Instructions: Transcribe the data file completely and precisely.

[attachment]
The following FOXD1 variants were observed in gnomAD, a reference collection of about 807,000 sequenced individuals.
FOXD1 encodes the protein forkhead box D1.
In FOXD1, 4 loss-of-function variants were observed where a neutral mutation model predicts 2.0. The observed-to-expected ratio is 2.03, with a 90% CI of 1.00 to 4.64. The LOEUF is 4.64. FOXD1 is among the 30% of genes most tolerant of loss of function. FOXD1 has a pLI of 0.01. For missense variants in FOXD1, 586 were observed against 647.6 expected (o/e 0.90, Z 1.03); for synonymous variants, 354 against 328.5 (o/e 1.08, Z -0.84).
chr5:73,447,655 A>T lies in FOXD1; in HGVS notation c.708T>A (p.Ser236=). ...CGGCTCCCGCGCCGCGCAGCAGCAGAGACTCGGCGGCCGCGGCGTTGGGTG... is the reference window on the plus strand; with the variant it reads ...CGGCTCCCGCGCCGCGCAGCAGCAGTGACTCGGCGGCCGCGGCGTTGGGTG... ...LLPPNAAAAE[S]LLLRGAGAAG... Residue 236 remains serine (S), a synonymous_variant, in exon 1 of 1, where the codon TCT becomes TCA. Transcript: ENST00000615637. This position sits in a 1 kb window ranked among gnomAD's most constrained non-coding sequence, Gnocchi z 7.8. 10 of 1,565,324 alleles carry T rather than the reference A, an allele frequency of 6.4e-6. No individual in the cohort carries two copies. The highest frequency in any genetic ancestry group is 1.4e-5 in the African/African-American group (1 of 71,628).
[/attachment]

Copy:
The following FOXD1 variants were observed in gnomAD, a reference collection of about 807,000 sequenced individuals.
FOXD1 encodes the protein forkhead box D1.
In FOXD1, 4 loss-of-function variants were observed where a neutral mutation model predicts 2.0. The observed-to-expected ratio is 2.03, with a 90% CI of 1.00 to 4.64. The LOEUF is 4.64. FOXD1 is among the 30% of genes most tolerant of loss of function. FOXD1 has a pLI of 0.01. For missense variants in FOXD1, 586 were observed against 647.6 expected (o/e 0.90, Z 1.03); for synonymous variants, 354 against 328.5 (o/e 1.08, Z -0.84).
chr5:73,447,655 A>T lies in FOXD1; in HGVS notation c.708T>A (p.Ser236=). ...CGGCTCCCGCGCCGCGCAGCAGCAGAGACTCGGCGGCCGCGGCGTTGGGTG... is the reference window on the plus strand; with the variant it reads ...CGGCTCCCGCGCCGCGCAGCAGCAGTGACTCGGCGGCCGCGGCGTTGGGTG... ...LLPPNAAAAE[S]LLLRGAGAAG... Residue 236 remains serine (S), a synonymous_variant, in exon 1 of 1, where the codon TCT becomes TCA. Transcript: ENST00000615637. This position sits in a 1 kb window ranked among gnomAD's most constrained non-coding sequence, Gnocchi z 7.8. 10 of 1,565,324 alleles carry T rather than the reference A, an allele frequency of 6.4e-6. No individual in the cohort carries two copies. The highest frequency in any genetic ancestry group is 1.4e-5 in the African/African-American group (1 of 71,628).